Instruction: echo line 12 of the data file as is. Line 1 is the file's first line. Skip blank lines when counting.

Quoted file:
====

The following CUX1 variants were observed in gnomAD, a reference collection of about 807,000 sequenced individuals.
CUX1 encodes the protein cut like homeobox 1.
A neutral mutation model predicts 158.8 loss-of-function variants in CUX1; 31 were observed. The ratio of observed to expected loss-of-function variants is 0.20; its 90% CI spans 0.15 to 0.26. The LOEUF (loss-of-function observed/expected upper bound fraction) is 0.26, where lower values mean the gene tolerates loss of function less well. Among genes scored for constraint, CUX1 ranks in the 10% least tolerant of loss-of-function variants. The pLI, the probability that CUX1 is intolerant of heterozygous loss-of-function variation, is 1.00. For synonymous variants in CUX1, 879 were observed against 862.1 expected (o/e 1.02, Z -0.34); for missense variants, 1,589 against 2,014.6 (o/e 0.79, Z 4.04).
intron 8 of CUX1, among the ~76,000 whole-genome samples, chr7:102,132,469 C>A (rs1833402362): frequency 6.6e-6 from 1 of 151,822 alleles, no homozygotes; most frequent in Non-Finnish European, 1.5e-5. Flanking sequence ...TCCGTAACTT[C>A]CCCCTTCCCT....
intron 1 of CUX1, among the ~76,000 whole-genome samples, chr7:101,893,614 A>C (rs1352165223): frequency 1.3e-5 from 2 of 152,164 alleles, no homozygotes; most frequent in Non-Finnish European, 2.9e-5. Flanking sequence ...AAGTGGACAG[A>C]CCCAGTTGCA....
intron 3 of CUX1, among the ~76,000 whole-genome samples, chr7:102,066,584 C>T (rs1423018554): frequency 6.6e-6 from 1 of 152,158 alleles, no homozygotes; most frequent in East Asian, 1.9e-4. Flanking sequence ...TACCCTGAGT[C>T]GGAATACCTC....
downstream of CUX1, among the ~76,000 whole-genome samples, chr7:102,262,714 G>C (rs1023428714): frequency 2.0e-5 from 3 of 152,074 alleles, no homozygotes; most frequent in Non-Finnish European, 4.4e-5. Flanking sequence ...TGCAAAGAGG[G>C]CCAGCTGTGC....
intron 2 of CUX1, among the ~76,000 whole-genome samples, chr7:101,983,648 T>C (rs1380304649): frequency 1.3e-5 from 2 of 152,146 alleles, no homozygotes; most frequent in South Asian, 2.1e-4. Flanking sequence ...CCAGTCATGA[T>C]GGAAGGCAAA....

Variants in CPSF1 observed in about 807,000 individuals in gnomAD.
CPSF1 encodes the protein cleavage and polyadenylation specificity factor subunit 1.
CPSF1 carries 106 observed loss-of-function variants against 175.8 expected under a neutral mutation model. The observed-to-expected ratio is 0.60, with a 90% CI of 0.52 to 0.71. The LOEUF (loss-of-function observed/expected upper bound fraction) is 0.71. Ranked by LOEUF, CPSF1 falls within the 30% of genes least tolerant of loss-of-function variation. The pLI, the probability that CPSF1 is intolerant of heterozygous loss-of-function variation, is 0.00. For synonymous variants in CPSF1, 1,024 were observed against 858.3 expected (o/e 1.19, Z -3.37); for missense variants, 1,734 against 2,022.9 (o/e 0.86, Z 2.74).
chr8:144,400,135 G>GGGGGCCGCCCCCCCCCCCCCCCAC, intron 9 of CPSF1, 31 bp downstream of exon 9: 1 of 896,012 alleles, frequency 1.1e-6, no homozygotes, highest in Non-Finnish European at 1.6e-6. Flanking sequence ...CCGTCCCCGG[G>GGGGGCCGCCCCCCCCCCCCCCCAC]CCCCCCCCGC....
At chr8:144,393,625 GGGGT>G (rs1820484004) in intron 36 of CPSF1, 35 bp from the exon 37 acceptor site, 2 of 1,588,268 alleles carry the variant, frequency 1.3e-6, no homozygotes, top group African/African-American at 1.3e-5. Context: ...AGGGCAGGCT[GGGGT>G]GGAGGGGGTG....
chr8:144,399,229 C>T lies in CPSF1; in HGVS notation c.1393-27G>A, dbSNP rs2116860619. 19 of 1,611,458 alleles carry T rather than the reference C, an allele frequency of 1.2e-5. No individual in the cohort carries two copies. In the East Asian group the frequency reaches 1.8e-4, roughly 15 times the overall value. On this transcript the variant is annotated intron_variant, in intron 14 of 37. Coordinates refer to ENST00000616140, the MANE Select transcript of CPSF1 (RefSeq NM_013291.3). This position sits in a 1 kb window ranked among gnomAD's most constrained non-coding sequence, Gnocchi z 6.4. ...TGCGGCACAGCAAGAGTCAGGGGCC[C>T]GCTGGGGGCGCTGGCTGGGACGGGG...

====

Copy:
chr8:144,400,135 G>GGGGGCCGCCCCCCCCCCCCCCCAC, intron 9 of CPSF1, 31 bp downstream of exon 9: 1 of 896,012 alleles, frequency 1.1e-6, no homozygotes, highest in Non-Finnish European at 1.6e-6. Flanking sequence ...CCGTCCCCGG[G>GGGGGCCGCCCCCCCCCCCCCCCAC]CCCCCCCCGC....